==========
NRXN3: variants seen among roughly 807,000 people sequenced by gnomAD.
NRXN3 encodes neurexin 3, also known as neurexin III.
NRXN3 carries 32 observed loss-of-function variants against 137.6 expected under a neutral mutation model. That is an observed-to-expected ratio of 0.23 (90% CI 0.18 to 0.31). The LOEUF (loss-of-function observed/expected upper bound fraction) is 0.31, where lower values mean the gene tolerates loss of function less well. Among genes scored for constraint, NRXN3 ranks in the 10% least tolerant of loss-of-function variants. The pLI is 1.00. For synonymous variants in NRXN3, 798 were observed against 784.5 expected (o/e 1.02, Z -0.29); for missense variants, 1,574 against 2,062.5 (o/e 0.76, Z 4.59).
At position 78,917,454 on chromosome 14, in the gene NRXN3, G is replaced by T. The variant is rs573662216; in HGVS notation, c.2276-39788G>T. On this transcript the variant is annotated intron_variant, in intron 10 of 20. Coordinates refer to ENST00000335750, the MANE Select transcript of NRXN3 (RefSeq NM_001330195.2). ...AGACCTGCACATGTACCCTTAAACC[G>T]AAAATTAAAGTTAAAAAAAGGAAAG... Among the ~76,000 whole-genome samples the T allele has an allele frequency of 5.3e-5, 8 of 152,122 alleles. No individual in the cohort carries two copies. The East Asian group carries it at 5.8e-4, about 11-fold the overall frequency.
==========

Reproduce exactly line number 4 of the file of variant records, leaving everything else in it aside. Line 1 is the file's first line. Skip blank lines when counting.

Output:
At position 78,917,454 on chromosome 14, in the gene NRXN3, G is replaced by T. The variant is rs573662216; in HGVS notation, c.2276-39788G>T. On this transcript the variant is annotated intron_variant, in intron 10 of 20. Coordinates refer to ENST00000335750, the MANE Select transcript of NRXN3 (RefSeq NM_001330195.2). ...AGACCTGCACATGTACCCTTAAACC[G>T]AAAATTAAAGTTAAAAAAAGGAAAG... Among the ~76,000 whole-genome samples the T allele has an allele frequency of 5.3e-5, 8 of 152,122 alleles. No individual in the cohort carries two copies. The East Asian group carries it at 5.8e-4, about 11-fold the overall frequency.